15. A Lifetime of Changes: State Pensions and Work Incentives at Older Ages in the UK, 1948-2018 By James Banks; Carl Emmerson
  16. What Matters for Whistleblowing on Tax Evaders? Survey and Experimental Evidence By Armenak Antinyan; Luca Corazzini; Filippo Pavesi
  17. A Second Thought on Estimating Expansionary Fiscal Policy Effects in the U.S. By JIA, BIJIE
  18. Pareto-improving structural reforms By Saint-Paul, Gilles

  1. By: David R. Agrawal; Mohammed Mardan
    Abstract: We develop a tax competition model that allows for the setting of both an origin-based and a destination-based commodity tax rate in the presence of avoidance and evasion. In the presence of evasion, jurisdictions will give cross-border shoppers tax preferential treatment, thus not fully exploiting the potential of destination-based taxation. Moreover, the divergence between origin-based and destination-based taxes is stronger when the incentives for consumers’ tax-arbitrage opportunities increase. The United States is one example of many such systems. While sales taxes are due at the point of sale, use taxes are due on goods purchased out-of-state. We document that when able to set both rates, a majority of jurisdictions levy destination-based use taxes at a lower rate than origin-based sales taxes. In response to changes in state-level policies that increase tax avoidance opportunities, the results of the empirical model broadly confirm our theory.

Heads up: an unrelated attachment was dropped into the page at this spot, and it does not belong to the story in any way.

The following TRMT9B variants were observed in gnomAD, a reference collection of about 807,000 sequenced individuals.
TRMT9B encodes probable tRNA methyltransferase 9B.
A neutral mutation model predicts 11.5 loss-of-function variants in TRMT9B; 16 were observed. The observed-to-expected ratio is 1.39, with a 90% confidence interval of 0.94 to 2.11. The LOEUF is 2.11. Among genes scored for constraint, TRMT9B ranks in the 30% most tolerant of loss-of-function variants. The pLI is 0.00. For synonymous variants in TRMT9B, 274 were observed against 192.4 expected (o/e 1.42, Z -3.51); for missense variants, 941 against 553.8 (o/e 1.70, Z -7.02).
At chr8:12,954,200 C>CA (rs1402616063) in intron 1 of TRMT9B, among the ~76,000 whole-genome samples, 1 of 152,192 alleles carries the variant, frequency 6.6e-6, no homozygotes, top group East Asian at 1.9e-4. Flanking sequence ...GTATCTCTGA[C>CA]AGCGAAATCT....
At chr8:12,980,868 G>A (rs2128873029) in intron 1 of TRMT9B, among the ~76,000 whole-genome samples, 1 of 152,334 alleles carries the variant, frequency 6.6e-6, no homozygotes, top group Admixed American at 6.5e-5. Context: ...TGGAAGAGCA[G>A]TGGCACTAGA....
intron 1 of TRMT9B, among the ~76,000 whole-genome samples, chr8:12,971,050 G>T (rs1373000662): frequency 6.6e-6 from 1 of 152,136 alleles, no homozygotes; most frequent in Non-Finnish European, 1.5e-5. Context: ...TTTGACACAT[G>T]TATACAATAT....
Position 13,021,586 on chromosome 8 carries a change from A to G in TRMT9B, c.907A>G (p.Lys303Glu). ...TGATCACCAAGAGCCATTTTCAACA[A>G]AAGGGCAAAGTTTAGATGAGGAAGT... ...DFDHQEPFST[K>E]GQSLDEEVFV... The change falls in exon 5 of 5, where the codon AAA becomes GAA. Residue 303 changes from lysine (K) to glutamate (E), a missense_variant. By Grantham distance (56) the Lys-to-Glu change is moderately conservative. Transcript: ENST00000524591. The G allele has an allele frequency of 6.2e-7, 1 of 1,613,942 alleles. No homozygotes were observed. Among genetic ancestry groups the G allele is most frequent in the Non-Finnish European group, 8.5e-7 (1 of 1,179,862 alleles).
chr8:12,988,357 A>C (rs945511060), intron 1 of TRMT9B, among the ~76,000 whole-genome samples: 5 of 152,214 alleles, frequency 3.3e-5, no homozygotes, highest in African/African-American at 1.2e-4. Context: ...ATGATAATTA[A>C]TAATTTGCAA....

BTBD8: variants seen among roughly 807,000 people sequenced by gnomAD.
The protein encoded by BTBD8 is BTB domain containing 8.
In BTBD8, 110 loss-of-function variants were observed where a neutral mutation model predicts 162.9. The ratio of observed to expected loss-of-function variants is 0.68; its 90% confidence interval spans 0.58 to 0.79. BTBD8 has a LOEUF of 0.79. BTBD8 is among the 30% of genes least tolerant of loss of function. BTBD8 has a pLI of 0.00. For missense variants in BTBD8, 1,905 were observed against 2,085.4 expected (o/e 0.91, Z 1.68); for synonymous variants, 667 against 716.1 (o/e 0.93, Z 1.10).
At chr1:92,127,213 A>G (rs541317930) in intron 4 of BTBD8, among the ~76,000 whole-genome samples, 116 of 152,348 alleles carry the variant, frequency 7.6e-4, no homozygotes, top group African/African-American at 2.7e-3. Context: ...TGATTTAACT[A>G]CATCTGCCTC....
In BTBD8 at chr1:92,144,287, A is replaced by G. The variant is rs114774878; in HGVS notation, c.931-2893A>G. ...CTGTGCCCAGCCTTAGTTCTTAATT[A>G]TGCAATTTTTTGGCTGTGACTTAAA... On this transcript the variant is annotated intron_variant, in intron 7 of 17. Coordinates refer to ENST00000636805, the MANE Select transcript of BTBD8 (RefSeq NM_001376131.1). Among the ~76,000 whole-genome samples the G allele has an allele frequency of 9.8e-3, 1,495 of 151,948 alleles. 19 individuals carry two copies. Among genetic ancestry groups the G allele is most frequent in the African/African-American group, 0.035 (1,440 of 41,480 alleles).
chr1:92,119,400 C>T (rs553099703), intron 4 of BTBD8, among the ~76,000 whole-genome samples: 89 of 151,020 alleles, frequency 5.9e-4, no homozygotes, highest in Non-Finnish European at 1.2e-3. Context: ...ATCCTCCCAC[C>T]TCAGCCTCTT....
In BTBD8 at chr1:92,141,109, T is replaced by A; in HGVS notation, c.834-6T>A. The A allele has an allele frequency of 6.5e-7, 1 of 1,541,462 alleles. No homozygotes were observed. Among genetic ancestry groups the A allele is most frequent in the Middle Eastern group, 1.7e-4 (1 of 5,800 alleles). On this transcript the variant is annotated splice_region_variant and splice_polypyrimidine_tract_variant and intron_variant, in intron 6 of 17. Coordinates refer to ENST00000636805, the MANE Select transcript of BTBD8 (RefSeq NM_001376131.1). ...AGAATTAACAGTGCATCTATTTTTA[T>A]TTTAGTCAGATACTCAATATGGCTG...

Keywords: tax evasion, tax avoidance, destination taxation, origin taxation, tax competition, use tax, sales tax
    JEL: C72 H21 H25 H26 H77 P16 R51
    Date: 2018
  2. By: Florian Buhlmann; Benjamin Elsner; Andreas Peichl